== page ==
In Primorye, the seasons collide with equal intensity: winter can bring blizzards and paralysing cold, and summer will retaliate with typhoons and monsoon rains; three-quarters of the regions rainfall occurs during the summer. This tendency towards extremes allows for unlikely juxtapositions and may explain why there is no satisfactory name for the region’s particular ecosystem – one that happens to coincide with the northern limit of the tigers pan-hemispheric range. It could be that this region is not a region at all but a crossroads: many of the aboriginal tool that are now considered quintessentially North American – tipis, totem poles, bows and arrows, birch bark canoes, dog sleds, and kayak-style paddles – all passed through here first. From page 23.
An Amur tiger is killing men. A squad of agents, whose job it is to solve crimes in the forest, especially those involving tigers, is charged with finding this animal and destroying it. These attacks do not appear to be random, this tiger is hunting down his victims, waiting patiently for them to appear. They meet a grisly end. Why?
Vaillant writes beautifully, weaving the history of the people with the history of the place . They can not be separated.
When Russians wax eloquent about their homeland, they will often invoke Mother Russia, but Mother Russia is not the nation, ands She is certainly not the leadership; She is the Land. The deep Russian bond to the earth – specifically, the soil – transcends all other affiliations with the exception, perhaps, of family. Likewise, the forest and its creatures – plants and animals alike – have a significance that most of us in the West lost touch with generations ago. From page 79.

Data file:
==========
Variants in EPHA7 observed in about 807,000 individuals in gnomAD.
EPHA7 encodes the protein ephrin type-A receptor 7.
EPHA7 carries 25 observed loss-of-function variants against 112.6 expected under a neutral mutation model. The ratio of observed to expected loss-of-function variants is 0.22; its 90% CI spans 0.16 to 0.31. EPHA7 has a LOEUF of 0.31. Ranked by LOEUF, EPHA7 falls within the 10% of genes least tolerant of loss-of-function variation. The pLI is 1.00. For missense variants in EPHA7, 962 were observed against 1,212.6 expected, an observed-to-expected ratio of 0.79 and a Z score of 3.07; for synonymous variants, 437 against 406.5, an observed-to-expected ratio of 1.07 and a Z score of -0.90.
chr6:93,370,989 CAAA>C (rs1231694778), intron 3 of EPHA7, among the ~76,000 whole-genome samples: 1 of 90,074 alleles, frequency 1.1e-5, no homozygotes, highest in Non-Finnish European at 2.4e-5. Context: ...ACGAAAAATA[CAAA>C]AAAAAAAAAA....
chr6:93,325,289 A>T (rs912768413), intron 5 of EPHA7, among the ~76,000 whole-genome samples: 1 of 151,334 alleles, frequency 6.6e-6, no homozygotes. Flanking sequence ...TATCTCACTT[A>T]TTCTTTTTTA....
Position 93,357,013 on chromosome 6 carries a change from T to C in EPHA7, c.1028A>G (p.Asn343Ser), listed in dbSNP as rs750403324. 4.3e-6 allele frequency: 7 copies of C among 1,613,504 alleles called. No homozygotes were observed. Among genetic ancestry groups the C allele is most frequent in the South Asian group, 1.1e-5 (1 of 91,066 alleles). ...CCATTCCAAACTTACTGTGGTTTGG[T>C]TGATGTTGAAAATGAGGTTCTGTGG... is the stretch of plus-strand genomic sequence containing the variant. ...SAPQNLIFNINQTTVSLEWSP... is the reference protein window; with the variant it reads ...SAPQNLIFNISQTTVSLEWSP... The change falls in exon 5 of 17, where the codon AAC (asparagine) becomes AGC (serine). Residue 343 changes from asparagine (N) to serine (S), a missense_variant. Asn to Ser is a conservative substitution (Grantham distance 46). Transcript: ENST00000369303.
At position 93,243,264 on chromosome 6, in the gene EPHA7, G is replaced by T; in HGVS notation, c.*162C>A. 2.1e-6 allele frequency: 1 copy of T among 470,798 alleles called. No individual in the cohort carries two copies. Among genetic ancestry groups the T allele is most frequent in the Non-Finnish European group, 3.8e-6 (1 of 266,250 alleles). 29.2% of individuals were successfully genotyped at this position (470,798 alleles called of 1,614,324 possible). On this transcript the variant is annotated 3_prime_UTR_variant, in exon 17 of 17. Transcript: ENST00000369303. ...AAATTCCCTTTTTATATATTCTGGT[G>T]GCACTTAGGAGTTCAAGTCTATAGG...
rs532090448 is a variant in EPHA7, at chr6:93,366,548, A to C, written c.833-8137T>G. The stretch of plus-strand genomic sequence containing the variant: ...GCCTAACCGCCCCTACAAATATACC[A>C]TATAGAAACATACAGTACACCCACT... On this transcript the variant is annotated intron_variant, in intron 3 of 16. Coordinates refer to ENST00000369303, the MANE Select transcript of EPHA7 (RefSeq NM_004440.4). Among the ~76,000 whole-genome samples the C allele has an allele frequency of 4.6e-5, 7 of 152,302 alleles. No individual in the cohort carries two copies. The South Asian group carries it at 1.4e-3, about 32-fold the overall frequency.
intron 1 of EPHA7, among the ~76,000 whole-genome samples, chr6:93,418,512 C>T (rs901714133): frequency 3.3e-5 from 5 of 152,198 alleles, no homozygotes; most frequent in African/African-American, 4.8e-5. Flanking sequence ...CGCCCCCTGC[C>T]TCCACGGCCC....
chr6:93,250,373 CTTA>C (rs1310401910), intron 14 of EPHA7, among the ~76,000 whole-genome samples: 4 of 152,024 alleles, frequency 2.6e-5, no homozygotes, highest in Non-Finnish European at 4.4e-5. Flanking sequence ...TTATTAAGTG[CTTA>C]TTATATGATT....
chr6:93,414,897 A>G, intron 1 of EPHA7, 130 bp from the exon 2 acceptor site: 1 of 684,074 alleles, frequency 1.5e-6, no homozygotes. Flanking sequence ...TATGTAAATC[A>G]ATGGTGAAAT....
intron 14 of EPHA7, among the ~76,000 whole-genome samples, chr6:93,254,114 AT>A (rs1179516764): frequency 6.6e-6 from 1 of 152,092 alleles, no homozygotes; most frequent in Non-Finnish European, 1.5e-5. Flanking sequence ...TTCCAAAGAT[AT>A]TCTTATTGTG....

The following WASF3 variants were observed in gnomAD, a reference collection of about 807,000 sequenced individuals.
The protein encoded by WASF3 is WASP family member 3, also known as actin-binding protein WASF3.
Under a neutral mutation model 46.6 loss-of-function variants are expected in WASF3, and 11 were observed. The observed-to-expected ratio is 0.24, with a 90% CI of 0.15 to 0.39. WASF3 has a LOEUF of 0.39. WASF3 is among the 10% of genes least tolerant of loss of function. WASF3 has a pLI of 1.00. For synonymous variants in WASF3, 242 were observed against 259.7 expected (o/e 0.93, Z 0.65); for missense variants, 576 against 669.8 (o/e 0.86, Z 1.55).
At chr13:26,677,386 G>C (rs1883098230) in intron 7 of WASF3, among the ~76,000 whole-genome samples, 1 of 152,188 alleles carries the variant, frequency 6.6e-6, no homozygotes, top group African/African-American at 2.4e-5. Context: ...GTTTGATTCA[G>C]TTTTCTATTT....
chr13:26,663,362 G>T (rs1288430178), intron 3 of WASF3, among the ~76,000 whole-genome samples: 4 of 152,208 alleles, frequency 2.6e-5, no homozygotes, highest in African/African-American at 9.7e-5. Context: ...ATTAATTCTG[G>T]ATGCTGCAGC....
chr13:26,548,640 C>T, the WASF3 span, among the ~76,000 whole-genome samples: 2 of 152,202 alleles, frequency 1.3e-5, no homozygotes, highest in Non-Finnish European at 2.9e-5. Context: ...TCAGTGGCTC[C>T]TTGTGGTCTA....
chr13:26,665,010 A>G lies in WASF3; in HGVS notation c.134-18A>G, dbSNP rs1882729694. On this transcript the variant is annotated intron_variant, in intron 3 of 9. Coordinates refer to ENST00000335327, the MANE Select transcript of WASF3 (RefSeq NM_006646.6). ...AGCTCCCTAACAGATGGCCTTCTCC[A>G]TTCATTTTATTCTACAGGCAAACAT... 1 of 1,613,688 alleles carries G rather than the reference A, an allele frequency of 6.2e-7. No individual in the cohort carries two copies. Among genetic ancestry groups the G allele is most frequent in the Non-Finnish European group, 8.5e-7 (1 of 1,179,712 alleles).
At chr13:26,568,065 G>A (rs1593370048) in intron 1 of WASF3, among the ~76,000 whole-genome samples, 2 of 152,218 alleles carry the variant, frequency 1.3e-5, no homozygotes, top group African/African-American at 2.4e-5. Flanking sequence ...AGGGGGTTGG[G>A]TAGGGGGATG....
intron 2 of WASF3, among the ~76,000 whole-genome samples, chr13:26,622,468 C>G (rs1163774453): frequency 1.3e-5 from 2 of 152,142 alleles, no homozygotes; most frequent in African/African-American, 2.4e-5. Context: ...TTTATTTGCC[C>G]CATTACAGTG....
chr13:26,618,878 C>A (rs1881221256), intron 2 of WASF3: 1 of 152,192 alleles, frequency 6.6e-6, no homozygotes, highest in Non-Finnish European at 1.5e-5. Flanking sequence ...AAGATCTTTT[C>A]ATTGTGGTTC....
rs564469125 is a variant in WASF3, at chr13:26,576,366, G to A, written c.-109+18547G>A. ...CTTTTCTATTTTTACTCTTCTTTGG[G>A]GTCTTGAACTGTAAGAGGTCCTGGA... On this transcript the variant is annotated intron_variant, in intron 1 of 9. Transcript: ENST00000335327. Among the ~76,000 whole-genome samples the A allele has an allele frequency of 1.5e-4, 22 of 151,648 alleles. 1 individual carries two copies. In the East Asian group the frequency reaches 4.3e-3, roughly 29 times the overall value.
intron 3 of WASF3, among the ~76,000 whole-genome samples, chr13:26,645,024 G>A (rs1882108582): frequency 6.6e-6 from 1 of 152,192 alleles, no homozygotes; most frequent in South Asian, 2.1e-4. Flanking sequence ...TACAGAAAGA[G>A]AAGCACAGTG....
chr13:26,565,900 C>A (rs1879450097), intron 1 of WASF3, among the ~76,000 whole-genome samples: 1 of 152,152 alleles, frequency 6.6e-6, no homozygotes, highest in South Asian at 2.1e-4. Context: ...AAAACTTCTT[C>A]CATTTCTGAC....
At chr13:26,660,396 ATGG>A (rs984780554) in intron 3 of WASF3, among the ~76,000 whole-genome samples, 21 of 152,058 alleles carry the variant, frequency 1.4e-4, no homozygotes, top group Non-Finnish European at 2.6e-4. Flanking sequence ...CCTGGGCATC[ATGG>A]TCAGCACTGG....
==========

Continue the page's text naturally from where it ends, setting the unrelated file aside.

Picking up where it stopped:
Tigers are struggling to survive as a species. Vaillant includes information on the decimation of tiger populations around the world and the efforts being made to save them. He also includes many theories on how we humans have evolved right along side these and other large predators and how we may have developed the abilities to avoid being prey.
All of us, whether predator or prey, are opportunistic and creatures of habit. Thus, if a leopard or a pack of hunting hyenas failed enough times in its efforts to capture us, or was effectively intimidated, its menu preferences would shift accordingly – perhaps to baboons, where they remain today. Once this new configuration was stabilized, the offspring of such “reformed” predators would presumably reflect these dietary changes. There is good reason to suppose that, like the !Kung among lions, and the Udeghe among tigers, early man became an active, if cautious, cohabitant with these animals rather than their chronic victim. From page 187.
Well-researched and wonderfully written, this is the kind of nonfiction book that I love. Filled with history and nature, the narrative form pulled me in like a great mystery. Vaillant has made every effort to probe the minds of the people living in this remote area and the mind of the tiger who is hunting them. I couldn’t put it down.
by Caroline Fraser
Metropolitian Books, New York, 2009
Borrowed from the library.